Lesson 04 - What Does the Research Say
My name is Jeff Rothschild, and I co-created this course on fasting for humanOS along with Dan Pardi.
I am a Registered Dietitian with a Master’s Degree in Nutritional Science, and spend the majority of my time working in a private practice setting in Santa Monica, CA. In my practice I routinely use the tools and concepts that will be discussed in the course in order to help a wide variety of people achieve their health and performance goals, and I believe that fasting (in its many forms) offers a great opportunity for people to improve their health. I first became interested in fasting and meal timing about ten years ago, and have since published several papers on the topic in peer-reviewed nutrition journals.
The act of fasting has been practiced for thousands of years, and is a part of nearly every major religion. Over the past thirty years, advancements in research have slowly uncovered the reasons why so many health benefits have been attributed to fasting.
In this course you’ll learn about the history of fasting practices, how to separate the facts from the myths surrounding fasting, and what the scientific research says about this subject. At the end, we will put the different types of fasting into context to determine which, if any, could be better for you in case you decide you’d like to implement fasts in your health practice.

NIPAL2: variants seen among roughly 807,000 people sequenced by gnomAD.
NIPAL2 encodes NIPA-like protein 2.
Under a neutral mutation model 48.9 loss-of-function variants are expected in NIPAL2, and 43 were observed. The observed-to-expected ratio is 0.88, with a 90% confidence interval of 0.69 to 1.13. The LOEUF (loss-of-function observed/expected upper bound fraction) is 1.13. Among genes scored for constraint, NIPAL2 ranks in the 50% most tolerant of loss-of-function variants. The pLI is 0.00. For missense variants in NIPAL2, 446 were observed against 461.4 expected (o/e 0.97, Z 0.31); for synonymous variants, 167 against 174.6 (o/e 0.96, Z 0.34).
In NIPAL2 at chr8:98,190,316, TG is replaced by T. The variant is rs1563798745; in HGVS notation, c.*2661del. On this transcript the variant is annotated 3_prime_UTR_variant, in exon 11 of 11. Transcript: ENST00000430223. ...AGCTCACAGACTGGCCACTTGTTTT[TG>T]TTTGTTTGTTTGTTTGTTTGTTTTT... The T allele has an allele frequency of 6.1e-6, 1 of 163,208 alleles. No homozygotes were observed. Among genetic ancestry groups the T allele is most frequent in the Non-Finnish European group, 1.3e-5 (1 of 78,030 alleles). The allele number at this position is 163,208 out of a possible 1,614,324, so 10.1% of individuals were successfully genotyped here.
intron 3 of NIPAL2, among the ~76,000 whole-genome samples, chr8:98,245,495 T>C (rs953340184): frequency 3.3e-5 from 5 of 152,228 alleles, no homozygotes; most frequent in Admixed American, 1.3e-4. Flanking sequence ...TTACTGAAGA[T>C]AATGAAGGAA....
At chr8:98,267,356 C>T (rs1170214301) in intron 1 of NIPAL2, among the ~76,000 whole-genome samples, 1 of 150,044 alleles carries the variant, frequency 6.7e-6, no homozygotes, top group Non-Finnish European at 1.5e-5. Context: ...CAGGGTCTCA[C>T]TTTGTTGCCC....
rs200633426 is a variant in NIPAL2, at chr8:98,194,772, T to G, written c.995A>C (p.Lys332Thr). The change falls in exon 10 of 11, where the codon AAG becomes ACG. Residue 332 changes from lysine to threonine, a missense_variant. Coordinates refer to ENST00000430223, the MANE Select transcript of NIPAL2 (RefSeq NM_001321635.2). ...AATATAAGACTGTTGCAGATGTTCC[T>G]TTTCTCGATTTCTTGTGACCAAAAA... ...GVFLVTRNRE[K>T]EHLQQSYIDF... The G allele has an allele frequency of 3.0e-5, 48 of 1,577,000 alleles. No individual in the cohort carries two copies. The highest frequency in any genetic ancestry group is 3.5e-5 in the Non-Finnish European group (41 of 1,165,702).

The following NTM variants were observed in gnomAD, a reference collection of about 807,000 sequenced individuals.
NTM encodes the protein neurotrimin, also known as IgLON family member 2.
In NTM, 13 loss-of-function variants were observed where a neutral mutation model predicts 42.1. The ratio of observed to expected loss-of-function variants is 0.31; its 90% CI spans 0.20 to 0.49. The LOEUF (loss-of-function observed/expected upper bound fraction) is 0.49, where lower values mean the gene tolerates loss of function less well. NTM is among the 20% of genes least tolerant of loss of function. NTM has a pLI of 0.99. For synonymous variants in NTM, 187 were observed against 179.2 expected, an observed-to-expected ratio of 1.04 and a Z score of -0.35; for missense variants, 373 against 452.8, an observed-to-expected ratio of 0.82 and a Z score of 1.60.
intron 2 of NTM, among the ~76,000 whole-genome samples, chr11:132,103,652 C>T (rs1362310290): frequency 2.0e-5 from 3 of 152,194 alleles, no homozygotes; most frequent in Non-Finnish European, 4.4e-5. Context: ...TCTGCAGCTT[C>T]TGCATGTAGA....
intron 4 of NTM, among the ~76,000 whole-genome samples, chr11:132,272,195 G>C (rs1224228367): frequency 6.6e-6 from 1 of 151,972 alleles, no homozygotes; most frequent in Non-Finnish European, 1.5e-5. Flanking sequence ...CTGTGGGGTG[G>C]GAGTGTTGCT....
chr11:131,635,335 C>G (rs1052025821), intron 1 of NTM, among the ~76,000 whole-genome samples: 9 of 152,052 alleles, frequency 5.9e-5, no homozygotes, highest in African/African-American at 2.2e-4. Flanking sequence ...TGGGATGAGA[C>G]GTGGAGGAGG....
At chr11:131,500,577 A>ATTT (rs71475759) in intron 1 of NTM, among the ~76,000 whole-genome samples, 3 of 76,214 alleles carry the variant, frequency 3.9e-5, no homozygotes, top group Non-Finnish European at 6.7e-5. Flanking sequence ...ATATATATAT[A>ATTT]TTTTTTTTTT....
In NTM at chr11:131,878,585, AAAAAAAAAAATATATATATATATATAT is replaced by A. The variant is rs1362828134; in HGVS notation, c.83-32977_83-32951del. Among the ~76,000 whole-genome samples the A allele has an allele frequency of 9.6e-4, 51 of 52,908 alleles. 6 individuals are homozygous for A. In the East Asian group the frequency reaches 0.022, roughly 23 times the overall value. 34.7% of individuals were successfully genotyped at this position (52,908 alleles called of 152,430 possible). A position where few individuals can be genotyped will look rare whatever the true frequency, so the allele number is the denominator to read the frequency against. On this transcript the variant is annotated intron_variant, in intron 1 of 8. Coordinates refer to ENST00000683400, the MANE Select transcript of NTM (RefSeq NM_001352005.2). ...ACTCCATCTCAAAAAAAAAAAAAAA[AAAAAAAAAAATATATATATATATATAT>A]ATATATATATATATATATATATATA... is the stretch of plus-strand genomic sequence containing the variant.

How it works
Here are a few tips to get the most out of this course:
- Don’t feel like you have to watch it all at once. The course is divided into short lessons. Our goal is to have you retain all the key points so take it slow and aim to get as much as you can from every lesson. In one sitting, you can watch as many or as few lessons as you see fit.
- Repetition is the mother of learning. We encourage you to go through lessons more than once to reinforce retention the concepts. There are quizzes interspersed throughout the course not just to see what you know, but to actually help you retain what you’re learning.
- Share with others. Perhaps the best thing you can do to get the most from a course is to discuss what you learn with your friends and family. Why? Well, it will help challenge what you know. If you don’t explain something to your own satisfaction, go back and re-review and try explaining it again. The better you can explain it, the better you can live it. And as an added bonus, you can help others around you to become healthier and better informed.
Jeff Rothschild, MS, RD and the entire humanOS.me team